Yes, I wanted sparkling lights, candles, tinsel. I wanted something to warm both house and heart. One year I discovered a box of old Christmas decorations in the closet and those paltry, crumbling items held an aura of mystery to me. From them on I took it upon myself to be the decorator for the season. Tinsel on the house plants, old candles arranged with fake greenery and a few flaking decorations, pictures stenciled on the windows with fake snow. I spent years trying to create the feeling of something that I knew was out there, something that I never managed to quite grasp.

Fast forward to my first year out of college and an attic apartment shared with my best friend. She was determined to have a tree, and I happily joined in, going to pick out the tree, hauling it up two flights of stairs and around several tight corners. We decorated with ornaments she got from home, as well as a few purchased on our meager budgets. I still have them in a box; each of my trees since then has been the cumulative story of my adult life.

I had a tree most years after that, skipping a few years with crazy roommates, picking back up when I married and then stopping again when Mike and I lived in apartments with no space for a tree. But still I loved the idea of putting up a tree.

That all changed a few years ago, at a time when we were finally settled into our own home, a time when I should have gladly decked the halls for all they were worth. And I found that I just couldn't make the effort, it exhausted me to even think about it. Going to pick the tree wasn't the happy family outing I had dreamed of, it involved freezing fingers and two small children fussing about how COLD they were. And then there were the needles everywhere, and the hours spent decorating and the watering and the needles and the allergies to the chemicals used on the trees and the needles and the hours spent packing everything back up and it just didn't make it FEEL like Christmas for more than about the first hour.

I wonder now if my mother suffered from seasonal depression too, if the effort of trying to maintain peace on earth and joy to the world all through the holidays was as exhausting to her as it has become to me. I wonder if, like me, she just wanted something simpler but didn't know how to achieve that balance and so she just didn't even try.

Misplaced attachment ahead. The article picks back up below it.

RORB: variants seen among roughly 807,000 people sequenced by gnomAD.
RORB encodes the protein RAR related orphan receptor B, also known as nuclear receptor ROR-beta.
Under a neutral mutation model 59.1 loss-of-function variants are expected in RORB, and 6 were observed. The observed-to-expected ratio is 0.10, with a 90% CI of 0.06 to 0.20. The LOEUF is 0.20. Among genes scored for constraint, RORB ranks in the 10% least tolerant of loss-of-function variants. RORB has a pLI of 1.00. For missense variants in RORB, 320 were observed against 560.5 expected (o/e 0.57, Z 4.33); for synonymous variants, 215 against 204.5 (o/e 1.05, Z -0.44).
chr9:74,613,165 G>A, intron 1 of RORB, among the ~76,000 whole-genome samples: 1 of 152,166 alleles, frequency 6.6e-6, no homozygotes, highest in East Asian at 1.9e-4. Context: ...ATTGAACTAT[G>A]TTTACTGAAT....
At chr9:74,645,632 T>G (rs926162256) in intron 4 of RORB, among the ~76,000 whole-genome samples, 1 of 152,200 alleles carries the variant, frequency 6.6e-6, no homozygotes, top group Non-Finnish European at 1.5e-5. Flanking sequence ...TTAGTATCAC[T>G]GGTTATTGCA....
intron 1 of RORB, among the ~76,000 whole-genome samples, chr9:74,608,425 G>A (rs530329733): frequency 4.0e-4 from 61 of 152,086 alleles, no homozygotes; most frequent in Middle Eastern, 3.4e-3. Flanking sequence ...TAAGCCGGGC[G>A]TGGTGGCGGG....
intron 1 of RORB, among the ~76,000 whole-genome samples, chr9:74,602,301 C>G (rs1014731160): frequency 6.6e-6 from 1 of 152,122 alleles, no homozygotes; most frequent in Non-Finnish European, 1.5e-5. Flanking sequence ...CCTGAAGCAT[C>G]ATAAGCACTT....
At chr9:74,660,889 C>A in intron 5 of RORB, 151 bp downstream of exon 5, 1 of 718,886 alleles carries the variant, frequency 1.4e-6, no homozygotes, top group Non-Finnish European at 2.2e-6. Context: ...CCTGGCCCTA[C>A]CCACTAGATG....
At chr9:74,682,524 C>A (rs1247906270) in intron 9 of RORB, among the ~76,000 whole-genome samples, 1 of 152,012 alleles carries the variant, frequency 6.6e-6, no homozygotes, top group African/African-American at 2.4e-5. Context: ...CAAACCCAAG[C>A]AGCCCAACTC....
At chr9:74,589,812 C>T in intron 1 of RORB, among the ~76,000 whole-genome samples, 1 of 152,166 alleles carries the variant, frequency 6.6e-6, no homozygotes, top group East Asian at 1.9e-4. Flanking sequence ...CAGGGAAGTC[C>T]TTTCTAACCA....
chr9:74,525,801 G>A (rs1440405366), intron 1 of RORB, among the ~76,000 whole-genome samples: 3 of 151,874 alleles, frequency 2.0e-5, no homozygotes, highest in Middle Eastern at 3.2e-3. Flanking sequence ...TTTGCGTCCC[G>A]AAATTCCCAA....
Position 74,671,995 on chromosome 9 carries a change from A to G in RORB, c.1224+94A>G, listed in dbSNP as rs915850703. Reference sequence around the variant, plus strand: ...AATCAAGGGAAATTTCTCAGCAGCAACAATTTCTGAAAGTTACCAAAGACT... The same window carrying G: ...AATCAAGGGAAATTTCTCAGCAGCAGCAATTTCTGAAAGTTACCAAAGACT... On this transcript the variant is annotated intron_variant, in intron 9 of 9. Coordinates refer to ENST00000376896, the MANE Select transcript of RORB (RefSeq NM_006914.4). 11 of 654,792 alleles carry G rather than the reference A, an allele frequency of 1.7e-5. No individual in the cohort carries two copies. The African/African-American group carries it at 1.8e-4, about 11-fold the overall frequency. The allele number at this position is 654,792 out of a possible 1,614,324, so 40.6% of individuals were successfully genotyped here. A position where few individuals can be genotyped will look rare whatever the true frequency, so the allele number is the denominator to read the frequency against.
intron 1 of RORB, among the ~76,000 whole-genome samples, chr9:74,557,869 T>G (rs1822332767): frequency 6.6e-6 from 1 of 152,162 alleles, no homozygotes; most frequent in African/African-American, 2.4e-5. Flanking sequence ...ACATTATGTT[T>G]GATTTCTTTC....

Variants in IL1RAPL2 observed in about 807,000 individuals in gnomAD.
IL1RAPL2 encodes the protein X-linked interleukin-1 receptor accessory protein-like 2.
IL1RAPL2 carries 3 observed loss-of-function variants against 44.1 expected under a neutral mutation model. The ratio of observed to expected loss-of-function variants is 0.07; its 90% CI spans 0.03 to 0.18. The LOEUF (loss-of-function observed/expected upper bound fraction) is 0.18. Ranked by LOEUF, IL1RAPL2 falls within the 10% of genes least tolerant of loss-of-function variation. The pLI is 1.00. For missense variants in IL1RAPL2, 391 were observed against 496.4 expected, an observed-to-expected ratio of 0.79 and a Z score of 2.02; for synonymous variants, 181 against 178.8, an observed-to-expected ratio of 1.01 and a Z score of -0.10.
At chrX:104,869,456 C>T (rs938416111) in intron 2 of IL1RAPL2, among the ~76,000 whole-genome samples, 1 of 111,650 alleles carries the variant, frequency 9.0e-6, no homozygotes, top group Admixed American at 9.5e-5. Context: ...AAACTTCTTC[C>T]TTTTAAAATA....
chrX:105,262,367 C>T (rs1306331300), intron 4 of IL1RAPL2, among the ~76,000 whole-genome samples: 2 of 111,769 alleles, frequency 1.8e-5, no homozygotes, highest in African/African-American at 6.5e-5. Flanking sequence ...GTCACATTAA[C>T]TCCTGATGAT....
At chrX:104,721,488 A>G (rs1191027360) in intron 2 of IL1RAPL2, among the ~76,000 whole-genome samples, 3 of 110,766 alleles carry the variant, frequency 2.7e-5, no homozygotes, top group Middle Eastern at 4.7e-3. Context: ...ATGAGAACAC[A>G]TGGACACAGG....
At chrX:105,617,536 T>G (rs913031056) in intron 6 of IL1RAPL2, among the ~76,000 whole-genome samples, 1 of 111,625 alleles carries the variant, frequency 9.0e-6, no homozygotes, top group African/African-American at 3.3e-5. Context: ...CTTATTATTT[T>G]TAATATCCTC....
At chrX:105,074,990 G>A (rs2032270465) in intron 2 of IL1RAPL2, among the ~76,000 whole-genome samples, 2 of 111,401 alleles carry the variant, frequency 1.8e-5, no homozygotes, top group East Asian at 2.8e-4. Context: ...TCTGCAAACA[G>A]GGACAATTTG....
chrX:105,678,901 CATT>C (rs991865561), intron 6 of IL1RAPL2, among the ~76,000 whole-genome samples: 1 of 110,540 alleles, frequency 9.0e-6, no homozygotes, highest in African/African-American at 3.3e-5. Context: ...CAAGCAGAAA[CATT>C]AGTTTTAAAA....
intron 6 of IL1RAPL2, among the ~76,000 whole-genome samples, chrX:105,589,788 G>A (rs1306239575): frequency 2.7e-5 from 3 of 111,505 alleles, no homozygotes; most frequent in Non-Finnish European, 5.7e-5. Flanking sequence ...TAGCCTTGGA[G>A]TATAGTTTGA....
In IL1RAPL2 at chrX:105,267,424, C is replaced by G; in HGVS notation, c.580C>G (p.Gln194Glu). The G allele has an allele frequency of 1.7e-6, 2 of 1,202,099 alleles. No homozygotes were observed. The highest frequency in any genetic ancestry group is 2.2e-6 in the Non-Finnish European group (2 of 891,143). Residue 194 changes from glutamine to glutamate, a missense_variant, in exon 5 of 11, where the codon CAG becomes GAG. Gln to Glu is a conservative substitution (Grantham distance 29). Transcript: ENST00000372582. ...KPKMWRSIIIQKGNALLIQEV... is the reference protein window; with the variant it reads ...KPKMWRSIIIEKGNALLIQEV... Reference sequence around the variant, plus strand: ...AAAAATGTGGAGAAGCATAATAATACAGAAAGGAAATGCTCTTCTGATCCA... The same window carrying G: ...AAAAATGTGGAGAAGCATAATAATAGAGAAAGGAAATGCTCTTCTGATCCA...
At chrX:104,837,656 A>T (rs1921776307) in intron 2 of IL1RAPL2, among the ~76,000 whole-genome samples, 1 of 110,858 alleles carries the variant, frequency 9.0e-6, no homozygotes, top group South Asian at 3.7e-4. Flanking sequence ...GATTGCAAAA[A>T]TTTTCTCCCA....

This year I decided to put my foot down. I just couldn't do it anymore. Fortunately, I was helped along in my decision by a certain eight year old who suddenly decided that we are better off keeping the trees where they are so that they can provide us with oxygen. The minute he declared we shouldn't have a tree I said "OK! We won't!"

The lessons learned in my childhood weren't lost though. I decided that I would decorate within MY abilities. And so we have the poinsettia corner (using the tree skirt that I debated on for almost two years before purchasing):

The garlanded stocking railing (complete with decorations that recall the chipped and flaking decorations of my childhood):

The Advent wreath (in which I make use of all the round glass ornaments):

The Nativity set, watching for something (for those who have known me awhile, yes, this is the nativity set of "Help, help, Baby Jesus is lost in the beans! Quick, get the sheep!" fame):

And finally, the Christmas ladder:


I can't begin to tell you how much fun I had decorating this year. Each piece was small and quickly finished. I missed putting up ALL of my treasured old ornaments just for the chance to remember their stories, but I am content with what I've done.

When I pulled out the box of decorations Indy dove in with great delight and as I started fussing at him to not make a mess and leave the decorations alone I remembered the mystery that I found years ago in a box of old decorations and I decided to let him play. Maybe one day when he's interested I'll tell him the stories held in some of the decorations.

Most importantly, now that I have the pressure to create removed from my back I have more to give. More time to spend on Advent devotions. More time to spend soaking in the peace. More time to sit with my children, listening to them express their wonder with the season. More time for Christ. And really, that is what it's all about.